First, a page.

IMS I am sorry

INMP it’s not my problem

IOH i’m outta here

IOW in other words

IPN I’m posting naked

IRL in real life

ISS I said so

IWALU I will always love you

IYKWIMAITYD if you know what I mean and I think you do

IYKWIM if you know what I mean

IYO in your opinion

IYSS if you say so

IYSWIM if you see what I mean

J/C just checking

JAS just a sec

JBOD just a bunch of disks

JIC just in case

JK just kidding

JM2C just my two cents

JMO just my opinion

JT just teasing

JTLYK just to let you know

JW just wondering

K okay

KEWL cool

KFY kiss for you

KIR keep it real

KIT keep in touch

KOC kiss on cheek

KOL kiss on lips

KWIM know what I mean?

L2M listening to music

L8R later

LD later, dude

LDR long distance relationship

LHM lord help me

LHU lord help us

LLTA lots and lots of thunderous applause

LMIRL let’s meet in real life

LMSO laughing my socks off

LOL laughing out loud

LSV language, sex, violence

LSHMBB laughing so hard my belly is bouncing

LSHMBH laughing so hard my belly hurts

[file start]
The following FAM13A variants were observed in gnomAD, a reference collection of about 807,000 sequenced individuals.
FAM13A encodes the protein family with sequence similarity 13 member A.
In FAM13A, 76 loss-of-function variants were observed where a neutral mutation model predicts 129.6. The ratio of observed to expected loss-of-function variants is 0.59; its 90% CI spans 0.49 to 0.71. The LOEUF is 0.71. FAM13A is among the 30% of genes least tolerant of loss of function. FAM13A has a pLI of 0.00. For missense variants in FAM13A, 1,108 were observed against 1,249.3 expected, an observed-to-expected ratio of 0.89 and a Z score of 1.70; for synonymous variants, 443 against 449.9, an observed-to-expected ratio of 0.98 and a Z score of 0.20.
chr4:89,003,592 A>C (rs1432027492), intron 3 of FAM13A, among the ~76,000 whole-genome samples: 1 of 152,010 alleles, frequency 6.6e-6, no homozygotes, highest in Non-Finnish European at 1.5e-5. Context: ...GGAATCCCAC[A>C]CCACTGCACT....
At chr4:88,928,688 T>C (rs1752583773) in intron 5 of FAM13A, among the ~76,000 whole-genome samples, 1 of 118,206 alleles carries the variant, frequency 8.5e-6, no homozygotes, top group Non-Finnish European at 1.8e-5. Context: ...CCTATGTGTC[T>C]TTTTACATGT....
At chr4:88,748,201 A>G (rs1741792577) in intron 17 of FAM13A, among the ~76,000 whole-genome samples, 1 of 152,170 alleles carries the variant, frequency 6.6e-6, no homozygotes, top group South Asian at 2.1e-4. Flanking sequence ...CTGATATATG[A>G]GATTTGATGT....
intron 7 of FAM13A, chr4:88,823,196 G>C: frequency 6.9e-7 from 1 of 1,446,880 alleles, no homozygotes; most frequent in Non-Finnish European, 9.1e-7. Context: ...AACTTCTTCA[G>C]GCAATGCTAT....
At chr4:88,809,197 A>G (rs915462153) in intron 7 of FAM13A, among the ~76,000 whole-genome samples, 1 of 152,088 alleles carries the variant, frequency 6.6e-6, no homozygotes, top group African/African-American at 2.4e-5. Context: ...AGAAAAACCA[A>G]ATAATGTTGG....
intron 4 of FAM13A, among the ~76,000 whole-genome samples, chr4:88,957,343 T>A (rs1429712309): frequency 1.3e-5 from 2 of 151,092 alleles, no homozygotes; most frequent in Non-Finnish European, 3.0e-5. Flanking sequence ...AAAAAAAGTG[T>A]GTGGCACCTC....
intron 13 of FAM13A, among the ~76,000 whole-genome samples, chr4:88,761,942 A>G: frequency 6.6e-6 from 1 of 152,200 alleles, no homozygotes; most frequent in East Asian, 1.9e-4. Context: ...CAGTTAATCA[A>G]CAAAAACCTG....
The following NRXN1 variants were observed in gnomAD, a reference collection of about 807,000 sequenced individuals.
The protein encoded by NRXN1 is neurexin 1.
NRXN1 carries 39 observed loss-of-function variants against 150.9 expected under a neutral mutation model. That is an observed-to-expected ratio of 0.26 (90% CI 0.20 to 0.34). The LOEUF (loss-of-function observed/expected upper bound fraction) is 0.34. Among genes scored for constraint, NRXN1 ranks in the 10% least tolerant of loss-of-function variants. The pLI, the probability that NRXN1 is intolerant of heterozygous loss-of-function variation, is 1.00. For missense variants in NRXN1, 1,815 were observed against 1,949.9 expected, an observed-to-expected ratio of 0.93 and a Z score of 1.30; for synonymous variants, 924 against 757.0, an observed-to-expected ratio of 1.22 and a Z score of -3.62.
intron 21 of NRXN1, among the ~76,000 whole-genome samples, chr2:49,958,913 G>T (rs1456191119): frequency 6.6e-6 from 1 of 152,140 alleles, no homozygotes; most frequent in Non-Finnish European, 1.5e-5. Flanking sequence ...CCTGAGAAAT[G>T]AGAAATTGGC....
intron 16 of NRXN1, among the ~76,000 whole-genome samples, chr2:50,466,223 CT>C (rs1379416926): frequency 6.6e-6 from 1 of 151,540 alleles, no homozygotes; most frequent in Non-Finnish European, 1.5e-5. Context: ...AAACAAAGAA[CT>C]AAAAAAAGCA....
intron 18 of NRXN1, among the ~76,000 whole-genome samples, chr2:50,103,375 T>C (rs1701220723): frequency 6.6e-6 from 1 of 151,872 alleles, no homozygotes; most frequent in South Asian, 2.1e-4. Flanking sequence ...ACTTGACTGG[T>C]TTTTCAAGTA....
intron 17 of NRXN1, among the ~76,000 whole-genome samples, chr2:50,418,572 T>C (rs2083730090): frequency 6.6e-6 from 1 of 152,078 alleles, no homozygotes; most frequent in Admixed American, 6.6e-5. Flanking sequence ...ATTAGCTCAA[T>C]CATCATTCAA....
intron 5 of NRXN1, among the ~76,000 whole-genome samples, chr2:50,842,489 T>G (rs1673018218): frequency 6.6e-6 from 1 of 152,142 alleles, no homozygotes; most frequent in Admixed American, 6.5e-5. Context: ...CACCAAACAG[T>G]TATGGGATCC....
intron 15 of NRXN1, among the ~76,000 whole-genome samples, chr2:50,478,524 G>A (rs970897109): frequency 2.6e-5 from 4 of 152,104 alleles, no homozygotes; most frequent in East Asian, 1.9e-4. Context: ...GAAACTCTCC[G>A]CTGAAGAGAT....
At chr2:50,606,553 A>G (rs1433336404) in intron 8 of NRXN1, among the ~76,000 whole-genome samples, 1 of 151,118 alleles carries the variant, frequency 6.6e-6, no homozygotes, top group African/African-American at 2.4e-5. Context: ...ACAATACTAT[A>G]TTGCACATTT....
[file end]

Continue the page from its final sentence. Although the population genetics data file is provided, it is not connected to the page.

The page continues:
LTM laugh to myself

LTNS long time, no see

LTR long term relationship

LTS laughing to self

LULAB love you like a brother

LULAS love you like a sister

LUWAMH love you with all my heart

LY love you

LYL love you lots

M/F male or female

M8 mate or mates

MA mature audience

MHBFY my heart bleeds for you

MIHAP may I have your attention please

MKOP my kind of place

MOOS member of the opposite sex

MOSS member of same sex

MOTOS member of the opposite sex

MSG message

MTF more to follow

MTFBWY may the force be with you

MUSM miss you so much

N1 nice one

N2M not to mention

NADT not a darn thing

NAZ name, address, zip

NBD no big deal

N-E-1 ER anyone here?

NE1 anyone

N-E-1 anyone

NG new game

NIMBY not in my back yard

NM never mind

NOYB not of your business

NP nosy parents

N/P no problem

NRN no reply necessary

NTK nice to know

NT no thanks

NUFF enough said

NW no way!

OBTW oh by the way

OF old fart

OIC oh I see

OL old lady

OLL online love

OM old man

OMDB over my dead body

OMG oh my god

ONNA oh no, not again

OT off topic

OTF off the floor